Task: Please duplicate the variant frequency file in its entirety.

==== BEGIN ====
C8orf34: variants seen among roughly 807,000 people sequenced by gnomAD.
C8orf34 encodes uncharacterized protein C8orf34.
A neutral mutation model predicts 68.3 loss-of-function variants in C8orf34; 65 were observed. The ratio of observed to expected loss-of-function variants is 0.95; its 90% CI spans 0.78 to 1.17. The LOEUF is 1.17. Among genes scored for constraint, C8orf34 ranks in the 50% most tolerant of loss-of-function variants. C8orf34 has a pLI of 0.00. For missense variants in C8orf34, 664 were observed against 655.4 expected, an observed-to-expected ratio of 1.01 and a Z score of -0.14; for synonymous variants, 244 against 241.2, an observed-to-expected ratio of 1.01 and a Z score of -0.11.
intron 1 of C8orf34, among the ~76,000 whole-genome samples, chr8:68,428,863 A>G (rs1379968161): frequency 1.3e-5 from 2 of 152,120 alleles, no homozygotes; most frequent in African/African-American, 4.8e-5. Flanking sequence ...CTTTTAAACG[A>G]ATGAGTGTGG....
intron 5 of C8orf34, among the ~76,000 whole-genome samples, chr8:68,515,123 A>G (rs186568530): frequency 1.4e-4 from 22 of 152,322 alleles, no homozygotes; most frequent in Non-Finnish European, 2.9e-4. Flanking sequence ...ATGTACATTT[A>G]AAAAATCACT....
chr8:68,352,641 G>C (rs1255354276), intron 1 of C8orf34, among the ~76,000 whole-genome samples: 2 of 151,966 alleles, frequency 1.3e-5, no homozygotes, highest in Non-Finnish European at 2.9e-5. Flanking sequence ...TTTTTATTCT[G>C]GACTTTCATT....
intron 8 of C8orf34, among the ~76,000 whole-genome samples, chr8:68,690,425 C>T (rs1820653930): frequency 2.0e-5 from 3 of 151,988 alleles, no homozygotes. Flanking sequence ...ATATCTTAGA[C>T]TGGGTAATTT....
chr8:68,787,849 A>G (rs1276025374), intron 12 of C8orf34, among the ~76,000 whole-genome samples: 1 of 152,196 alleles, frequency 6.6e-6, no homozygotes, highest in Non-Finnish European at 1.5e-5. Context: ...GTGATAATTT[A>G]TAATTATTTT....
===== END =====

C8orf34: variants seen among roughly 807,000 people sequenced by gnomAD.
C8orf34 encodes uncharacterized protein C8orf34.
A neutral mutation model predicts 68.3 loss-of-function variants in C8orf34; 65 were observed. The ratio of observed to expected loss-of-function variants is 0.95; its 90% CI spans 0.78 to 1.17. The LOEUF is 1.17. Among genes scored for constraint, C8orf34 ranks in the 50% most tolerant of loss-of-function variants. C8orf34 has a pLI of 0.00. For missense variants in C8orf34, 664 were observed against 655.4 expected, an observed-to-expected ratio of 1.01 and a Z score of -0.14; for synonymous variants, 244 against 241.2, an observed-to-expected ratio of 1.01 and a Z score of -0.11.
intron 1 of C8orf34, among the ~76,000 whole-genome samples, chr8:68,428,863 A>G (rs1379968161): frequency 1.3e-5 from 2 of 152,120 alleles, no homozygotes; most frequent in African/African-American, 4.8e-5. Flanking sequence ...CTTTTAAACG[A>G]ATGAGTGTGG....
intron 5 of C8orf34, among the ~76,000 whole-genome samples, chr8:68,515,123 A>G (rs186568530): frequency 1.4e-4 from 22 of 152,322 alleles, no homozygotes; most frequent in Non-Finnish European, 2.9e-4. Flanking sequence ...ATGTACATTT[A>G]AAAAATCACT....
chr8:68,352,641 G>C (rs1255354276), intron 1 of C8orf34, among the ~76,000 whole-genome samples: 2 of 151,966 alleles, frequency 1.3e-5, no homozygotes, highest in Non-Finnish European at 2.9e-5. Flanking sequence ...TTTTTATTCT[G>C]GACTTTCATT....
intron 8 of C8orf34, among the ~76,000 whole-genome samples, chr8:68,690,425 C>T (rs1820653930): frequency 2.0e-5 from 3 of 151,988 alleles, no homozygotes. Flanking sequence ...ATATCTTAGA[C>T]TGGGTAATTT....
chr8:68,787,849 A>G (rs1276025374), intron 12 of C8orf34, among the ~76,000 whole-genome samples: 1 of 152,196 alleles, frequency 6.6e-6, no homozygotes, highest in Non-Finnish European at 1.5e-5. Context: ...GTGATAATTT[A>G]TAATTATTTT....